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Vaccine. 2013 Dec 9;31(51):6122-8. doi: 10.1016/j.vaccine.2013.07.059. Epub 2013 Aug 6.

The comparative effectiveness of adjuvanted and unadjuvanted trivalent inactivated influenza vaccine (TIV) in the elderly.

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Fraser Health Authority, #400, 13450 102nd Avenue, Surrey, BC V3T 0H1, Canada; Simon Fraser University, Canada; University of Western Australia, Australia. Electronic address:



Influenza is associated with a high mortality and morbidity in older adults. Vaccination remains the most effective method of preventing influenza and its consequences, however, vaccine effectiveness decreases with increasing age and increasing immunosenescence. In older adults, immunogenicity studies suggest an MF59 adjuvanted influenza vaccine (ATIV, Fluad(®)) may help.


We evaluated the comparative effectiveness of ATIV, and unadjuvanted trivalent influenza vaccine (TIV) in reducing laboratory confirmed influenza in the elderly. Elderly in three health authorities during winter 2011-12 were included in a community based case control study design. Cases tested positive and controls tested negative for influenza. Subjects with known immunosuppression were excluded. Logistic regression was used to calculate the odds ratio of vaccination (vs. no vaccination) in cases and controls. ATIV and TIV effectiveness was described.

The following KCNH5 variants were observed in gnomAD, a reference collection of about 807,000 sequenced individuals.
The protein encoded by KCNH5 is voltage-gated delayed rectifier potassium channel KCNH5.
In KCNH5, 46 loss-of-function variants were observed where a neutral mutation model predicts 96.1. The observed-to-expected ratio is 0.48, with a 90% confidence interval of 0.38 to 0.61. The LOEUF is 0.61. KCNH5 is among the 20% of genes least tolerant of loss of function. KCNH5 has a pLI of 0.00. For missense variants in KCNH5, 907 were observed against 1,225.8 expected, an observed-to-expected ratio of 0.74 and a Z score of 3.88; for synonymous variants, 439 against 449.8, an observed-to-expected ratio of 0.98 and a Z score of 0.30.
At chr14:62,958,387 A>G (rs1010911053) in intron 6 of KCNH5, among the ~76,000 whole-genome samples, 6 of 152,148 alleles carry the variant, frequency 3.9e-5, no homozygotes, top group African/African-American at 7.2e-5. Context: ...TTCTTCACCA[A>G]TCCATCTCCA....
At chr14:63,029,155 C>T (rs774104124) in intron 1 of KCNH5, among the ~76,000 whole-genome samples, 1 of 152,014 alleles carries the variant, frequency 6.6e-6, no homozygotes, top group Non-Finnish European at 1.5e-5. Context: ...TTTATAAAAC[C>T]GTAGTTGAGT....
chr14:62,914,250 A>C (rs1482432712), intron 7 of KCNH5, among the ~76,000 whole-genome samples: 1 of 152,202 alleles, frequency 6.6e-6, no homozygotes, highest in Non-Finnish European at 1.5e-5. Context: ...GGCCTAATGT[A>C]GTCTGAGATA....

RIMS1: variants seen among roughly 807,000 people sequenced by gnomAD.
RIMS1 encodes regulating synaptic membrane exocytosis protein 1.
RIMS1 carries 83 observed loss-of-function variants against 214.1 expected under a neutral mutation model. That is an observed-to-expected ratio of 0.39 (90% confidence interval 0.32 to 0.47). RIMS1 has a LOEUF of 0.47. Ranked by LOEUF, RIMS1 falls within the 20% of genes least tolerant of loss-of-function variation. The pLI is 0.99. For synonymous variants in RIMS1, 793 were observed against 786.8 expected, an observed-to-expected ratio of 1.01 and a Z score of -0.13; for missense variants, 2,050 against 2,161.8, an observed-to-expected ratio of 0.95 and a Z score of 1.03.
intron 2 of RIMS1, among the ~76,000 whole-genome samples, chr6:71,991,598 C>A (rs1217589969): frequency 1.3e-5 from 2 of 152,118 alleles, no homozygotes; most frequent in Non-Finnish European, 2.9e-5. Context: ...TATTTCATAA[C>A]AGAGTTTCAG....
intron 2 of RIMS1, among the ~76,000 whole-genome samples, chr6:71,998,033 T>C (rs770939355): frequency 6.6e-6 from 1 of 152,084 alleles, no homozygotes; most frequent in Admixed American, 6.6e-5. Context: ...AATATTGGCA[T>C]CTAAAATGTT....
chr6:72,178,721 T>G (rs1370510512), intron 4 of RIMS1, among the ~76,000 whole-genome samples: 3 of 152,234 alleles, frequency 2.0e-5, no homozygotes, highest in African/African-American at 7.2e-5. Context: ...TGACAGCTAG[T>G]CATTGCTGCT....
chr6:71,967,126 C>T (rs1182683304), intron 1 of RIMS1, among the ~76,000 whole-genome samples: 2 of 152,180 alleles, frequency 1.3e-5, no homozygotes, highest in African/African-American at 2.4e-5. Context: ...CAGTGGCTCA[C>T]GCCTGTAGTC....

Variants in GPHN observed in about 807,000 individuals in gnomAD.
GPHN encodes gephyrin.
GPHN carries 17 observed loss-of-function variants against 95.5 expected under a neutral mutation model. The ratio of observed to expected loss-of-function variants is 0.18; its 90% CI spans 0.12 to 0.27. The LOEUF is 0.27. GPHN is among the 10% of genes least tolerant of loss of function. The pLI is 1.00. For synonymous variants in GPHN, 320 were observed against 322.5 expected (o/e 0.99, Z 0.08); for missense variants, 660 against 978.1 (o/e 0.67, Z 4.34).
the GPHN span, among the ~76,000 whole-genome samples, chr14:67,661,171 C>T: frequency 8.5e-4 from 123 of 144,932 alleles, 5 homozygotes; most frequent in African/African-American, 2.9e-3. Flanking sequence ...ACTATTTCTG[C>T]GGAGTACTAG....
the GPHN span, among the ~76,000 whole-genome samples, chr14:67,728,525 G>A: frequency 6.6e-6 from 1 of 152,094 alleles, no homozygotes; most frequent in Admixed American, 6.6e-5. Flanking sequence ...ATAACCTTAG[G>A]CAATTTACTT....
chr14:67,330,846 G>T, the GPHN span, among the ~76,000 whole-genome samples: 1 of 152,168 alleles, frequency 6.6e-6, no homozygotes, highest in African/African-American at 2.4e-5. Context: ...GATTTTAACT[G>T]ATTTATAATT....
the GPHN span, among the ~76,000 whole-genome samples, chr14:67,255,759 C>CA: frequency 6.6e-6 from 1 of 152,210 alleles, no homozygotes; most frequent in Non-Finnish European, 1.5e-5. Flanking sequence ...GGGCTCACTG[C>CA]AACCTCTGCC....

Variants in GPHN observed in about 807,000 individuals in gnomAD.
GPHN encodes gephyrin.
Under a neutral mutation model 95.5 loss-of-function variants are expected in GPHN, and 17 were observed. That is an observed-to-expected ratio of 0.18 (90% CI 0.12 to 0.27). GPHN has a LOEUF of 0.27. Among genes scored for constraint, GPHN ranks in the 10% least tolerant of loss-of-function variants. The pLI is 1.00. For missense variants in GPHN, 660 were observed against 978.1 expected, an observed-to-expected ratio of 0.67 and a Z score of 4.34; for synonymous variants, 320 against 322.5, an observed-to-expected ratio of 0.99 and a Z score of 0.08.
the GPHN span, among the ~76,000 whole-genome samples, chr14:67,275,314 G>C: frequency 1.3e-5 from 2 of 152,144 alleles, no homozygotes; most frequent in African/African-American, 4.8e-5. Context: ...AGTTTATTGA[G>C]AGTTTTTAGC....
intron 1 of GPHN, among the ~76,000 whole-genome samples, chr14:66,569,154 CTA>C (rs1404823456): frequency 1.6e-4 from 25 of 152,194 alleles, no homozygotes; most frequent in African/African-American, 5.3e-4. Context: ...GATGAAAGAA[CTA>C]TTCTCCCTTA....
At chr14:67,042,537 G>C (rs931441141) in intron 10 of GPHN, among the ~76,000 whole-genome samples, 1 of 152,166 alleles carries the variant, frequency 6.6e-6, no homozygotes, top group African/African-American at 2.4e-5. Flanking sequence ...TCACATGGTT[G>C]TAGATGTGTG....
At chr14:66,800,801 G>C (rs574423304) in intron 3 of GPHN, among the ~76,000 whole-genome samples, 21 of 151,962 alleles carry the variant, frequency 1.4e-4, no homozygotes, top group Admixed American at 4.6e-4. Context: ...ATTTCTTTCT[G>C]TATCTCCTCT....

A total of 282 eligible participants were enrolled (84 cases). Almost half (136) were in a long term care facility and were 85 years of age or older (132) vaccine effectiveness decreased with increasing age. In a variety of multivariate analyses, ATIV was significantly protective at around 60% (p=0.02), with only residence in long term care and health authority also significant. Vaccine effectiveness increased in non-long term care residents. In multivariate analyses TIV was ineffective.


An MF59 adjuvanted vaccine provided significantly improved protection against influenza in the elderly.


Adjuvant; Effectiveness; Elderly; Influenza; Vaccine

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